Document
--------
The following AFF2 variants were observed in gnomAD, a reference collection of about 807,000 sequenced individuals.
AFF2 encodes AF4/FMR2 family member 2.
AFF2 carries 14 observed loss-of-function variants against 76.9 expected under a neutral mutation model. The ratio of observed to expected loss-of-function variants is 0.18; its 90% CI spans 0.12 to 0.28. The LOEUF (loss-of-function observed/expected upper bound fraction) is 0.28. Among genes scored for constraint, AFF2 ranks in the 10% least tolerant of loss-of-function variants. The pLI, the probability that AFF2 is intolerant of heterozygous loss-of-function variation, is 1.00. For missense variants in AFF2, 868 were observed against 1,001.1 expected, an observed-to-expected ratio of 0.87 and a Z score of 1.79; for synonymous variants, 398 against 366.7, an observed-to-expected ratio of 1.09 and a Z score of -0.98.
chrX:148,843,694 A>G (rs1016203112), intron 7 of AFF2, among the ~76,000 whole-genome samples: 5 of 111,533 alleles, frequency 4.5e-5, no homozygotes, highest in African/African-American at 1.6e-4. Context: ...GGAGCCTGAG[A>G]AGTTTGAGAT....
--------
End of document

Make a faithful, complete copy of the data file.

The following AFF2 variants were observed in gnomAD, a reference collection of about 807,000 sequenced individuals.
AFF2 encodes AF4/FMR2 family member 2.
AFF2 carries 14 observed loss-of-function variants against 76.9 expected under a neutral mutation model. The ratio of observed to expected loss-of-function variants is 0.18; its 90% CI spans 0.12 to 0.28. The LOEUF (loss-of-function observed/expected upper bound fraction) is 0.28. Among genes scored for constraint, AFF2 ranks in the 10% least tolerant of loss-of-function variants. The pLI, the probability that AFF2 is intolerant of heterozygous loss-of-function variation, is 1.00. For missense variants in AFF2, 868 were observed against 1,001.1 expected, an observed-to-expected ratio of 0.87 and a Z score of 1.79; for synonymous variants, 398 against 366.7, an observed-to-expected ratio of 1.09 and a Z score of -0.98.
chrX:148,843,694 A>G (rs1016203112), intron 7 of AFF2, among the ~76,000 whole-genome samples: 5 of 111,533 alleles, frequency 4.5e-5, no homozygotes, highest in African/African-American at 1.6e-4. Context: ...GGAGCCTGAG[A>G]AGTTTGAGAT....